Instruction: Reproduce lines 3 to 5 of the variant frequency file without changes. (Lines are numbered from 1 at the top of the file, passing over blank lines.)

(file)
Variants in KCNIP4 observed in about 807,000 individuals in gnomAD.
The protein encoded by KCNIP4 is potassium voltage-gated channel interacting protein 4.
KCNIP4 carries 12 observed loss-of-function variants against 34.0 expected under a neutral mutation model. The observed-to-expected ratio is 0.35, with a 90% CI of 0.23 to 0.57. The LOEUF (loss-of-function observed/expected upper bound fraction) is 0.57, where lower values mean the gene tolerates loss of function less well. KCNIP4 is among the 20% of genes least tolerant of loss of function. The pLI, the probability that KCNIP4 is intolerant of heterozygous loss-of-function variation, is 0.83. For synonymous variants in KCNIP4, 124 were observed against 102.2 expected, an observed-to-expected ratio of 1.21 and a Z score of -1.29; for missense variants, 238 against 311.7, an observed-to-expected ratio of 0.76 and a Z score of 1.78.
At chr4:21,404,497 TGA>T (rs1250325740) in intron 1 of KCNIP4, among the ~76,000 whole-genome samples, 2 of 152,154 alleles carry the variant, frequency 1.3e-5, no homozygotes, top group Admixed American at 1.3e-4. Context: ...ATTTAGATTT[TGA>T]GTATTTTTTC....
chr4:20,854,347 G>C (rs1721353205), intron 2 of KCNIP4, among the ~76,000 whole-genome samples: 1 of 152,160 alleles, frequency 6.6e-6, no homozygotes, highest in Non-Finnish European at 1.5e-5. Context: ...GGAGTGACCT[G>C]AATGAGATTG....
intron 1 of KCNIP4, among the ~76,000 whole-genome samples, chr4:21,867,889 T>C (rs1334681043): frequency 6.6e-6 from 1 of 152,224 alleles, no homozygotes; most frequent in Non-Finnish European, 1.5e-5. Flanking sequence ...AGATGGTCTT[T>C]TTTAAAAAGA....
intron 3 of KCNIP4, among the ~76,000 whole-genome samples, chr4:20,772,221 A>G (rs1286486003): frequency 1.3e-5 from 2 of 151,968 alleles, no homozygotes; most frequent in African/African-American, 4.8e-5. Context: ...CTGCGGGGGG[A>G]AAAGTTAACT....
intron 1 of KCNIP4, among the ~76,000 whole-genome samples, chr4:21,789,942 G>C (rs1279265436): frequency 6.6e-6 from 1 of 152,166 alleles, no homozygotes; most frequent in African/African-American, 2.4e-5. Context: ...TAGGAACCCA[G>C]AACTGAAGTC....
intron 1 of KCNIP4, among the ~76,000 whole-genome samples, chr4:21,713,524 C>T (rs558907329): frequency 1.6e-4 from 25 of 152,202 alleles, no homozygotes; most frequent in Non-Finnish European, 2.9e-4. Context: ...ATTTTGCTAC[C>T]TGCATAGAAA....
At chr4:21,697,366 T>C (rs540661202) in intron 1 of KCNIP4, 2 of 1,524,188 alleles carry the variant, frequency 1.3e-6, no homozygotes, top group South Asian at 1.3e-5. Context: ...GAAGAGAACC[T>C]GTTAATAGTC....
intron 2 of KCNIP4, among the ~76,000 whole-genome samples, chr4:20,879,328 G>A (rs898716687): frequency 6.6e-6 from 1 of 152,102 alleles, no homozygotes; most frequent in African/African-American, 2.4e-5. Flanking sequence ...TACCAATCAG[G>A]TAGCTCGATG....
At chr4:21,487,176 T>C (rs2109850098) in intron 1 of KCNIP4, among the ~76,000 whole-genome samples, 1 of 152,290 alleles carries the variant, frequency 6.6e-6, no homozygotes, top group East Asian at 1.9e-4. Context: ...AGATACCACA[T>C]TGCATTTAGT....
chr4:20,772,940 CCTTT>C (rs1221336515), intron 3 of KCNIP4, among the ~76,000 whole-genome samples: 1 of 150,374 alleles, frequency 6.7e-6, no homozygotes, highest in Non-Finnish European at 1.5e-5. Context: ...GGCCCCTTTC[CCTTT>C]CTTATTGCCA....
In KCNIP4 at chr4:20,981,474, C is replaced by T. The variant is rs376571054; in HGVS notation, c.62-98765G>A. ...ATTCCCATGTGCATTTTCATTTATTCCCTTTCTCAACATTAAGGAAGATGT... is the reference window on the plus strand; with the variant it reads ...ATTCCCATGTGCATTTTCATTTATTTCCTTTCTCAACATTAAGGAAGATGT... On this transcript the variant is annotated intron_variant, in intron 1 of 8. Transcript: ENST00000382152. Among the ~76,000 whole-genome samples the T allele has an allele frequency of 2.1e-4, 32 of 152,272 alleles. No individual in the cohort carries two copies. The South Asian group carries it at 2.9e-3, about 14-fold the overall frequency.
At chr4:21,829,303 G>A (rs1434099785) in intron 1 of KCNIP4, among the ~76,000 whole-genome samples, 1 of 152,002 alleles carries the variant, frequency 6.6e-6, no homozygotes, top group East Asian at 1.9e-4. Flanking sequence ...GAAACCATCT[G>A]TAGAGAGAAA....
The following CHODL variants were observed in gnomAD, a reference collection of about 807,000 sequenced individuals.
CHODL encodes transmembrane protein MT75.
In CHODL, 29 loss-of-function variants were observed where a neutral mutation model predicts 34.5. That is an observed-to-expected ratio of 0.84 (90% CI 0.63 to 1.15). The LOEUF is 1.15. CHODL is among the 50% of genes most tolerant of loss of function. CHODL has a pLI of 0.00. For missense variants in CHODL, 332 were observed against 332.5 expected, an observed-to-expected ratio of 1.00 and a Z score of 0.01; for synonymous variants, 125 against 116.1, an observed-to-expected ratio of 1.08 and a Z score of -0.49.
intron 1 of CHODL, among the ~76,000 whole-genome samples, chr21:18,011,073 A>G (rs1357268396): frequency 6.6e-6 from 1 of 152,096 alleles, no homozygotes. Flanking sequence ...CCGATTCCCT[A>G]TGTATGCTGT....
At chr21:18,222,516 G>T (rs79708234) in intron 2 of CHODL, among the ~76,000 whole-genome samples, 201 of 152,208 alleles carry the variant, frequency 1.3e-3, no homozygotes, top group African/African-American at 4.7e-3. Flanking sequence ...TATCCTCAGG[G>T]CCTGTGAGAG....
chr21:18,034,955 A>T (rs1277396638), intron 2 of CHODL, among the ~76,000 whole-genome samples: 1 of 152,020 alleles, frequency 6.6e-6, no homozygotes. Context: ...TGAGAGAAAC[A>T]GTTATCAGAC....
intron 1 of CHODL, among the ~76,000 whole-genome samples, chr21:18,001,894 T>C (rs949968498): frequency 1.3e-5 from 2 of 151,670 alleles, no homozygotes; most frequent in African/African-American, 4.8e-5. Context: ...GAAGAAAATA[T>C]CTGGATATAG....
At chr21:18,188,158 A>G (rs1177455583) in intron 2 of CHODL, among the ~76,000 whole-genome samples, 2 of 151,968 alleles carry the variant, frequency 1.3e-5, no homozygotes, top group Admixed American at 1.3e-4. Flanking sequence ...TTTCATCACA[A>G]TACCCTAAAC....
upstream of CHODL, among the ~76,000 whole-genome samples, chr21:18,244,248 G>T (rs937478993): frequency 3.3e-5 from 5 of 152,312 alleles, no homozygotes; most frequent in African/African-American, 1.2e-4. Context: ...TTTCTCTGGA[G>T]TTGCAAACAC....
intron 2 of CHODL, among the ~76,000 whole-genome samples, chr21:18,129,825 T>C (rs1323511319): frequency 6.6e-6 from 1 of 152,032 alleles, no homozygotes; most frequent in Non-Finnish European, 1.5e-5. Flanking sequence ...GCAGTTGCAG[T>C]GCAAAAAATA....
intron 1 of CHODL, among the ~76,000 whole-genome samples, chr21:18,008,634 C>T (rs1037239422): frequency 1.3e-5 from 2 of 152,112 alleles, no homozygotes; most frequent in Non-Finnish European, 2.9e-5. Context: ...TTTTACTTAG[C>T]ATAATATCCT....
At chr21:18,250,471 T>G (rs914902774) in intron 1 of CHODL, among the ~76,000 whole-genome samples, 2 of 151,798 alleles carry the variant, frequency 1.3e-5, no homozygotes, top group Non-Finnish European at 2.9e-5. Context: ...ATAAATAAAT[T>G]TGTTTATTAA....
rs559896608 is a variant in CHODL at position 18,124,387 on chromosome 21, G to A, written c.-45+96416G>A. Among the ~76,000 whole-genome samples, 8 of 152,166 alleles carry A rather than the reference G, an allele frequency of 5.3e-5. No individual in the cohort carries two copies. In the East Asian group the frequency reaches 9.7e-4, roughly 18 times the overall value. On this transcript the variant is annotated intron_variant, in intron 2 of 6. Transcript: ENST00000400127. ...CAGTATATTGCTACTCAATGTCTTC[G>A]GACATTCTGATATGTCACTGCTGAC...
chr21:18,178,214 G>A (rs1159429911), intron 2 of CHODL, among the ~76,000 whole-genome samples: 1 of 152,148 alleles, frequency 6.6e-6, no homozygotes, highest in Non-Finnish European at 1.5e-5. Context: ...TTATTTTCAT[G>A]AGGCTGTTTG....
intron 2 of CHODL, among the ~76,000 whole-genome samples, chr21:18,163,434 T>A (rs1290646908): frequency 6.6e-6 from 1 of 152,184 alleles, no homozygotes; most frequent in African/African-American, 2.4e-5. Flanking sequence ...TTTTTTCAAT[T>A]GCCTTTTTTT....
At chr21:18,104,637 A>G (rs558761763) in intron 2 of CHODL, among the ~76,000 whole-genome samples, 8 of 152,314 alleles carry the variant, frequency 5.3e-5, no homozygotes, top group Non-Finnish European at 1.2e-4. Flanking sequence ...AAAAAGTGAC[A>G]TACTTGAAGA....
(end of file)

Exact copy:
KCNIP4 carries 12 observed loss-of-function variants against 34.0 expected under a neutral mutation model. The observed-to-expected ratio is 0.35, with a 90% CI of 0.23 to 0.57. The LOEUF (loss-of-function observed/expected upper bound fraction) is 0.57, where lower values mean the gene tolerates loss of function less well. KCNIP4 is among the 20% of genes least tolerant of loss of function. The pLI, the probability that KCNIP4 is intolerant of heterozygous loss-of-function variation, is 0.83. For synonymous variants in KCNIP4, 124 were observed against 102.2 expected, an observed-to-expected ratio of 1.21 and a Z score of -1.29; for missense variants, 238 against 311.7, an observed-to-expected ratio of 0.76 and a Z score of 1.78.
At chr4:21,404,497 TGA>T (rs1250325740) in intron 1 of KCNIP4, among the ~76,000 whole-genome samples, 2 of 152,154 alleles carry the variant, frequency 1.3e-5, no homozygotes, top group Admixed American at 1.3e-4. Context: ...ATTTAGATTT[TGA>T]GTATTTTTTC....
chr4:20,854,347 G>C (rs1721353205), intron 2 of KCNIP4, among the ~76,000 whole-genome samples: 1 of 152,160 alleles, frequency 6.6e-6, no homozygotes, highest in Non-Finnish European at 1.5e-5. Context: ...GGAGTGACCT[G>C]AATGAGATTG....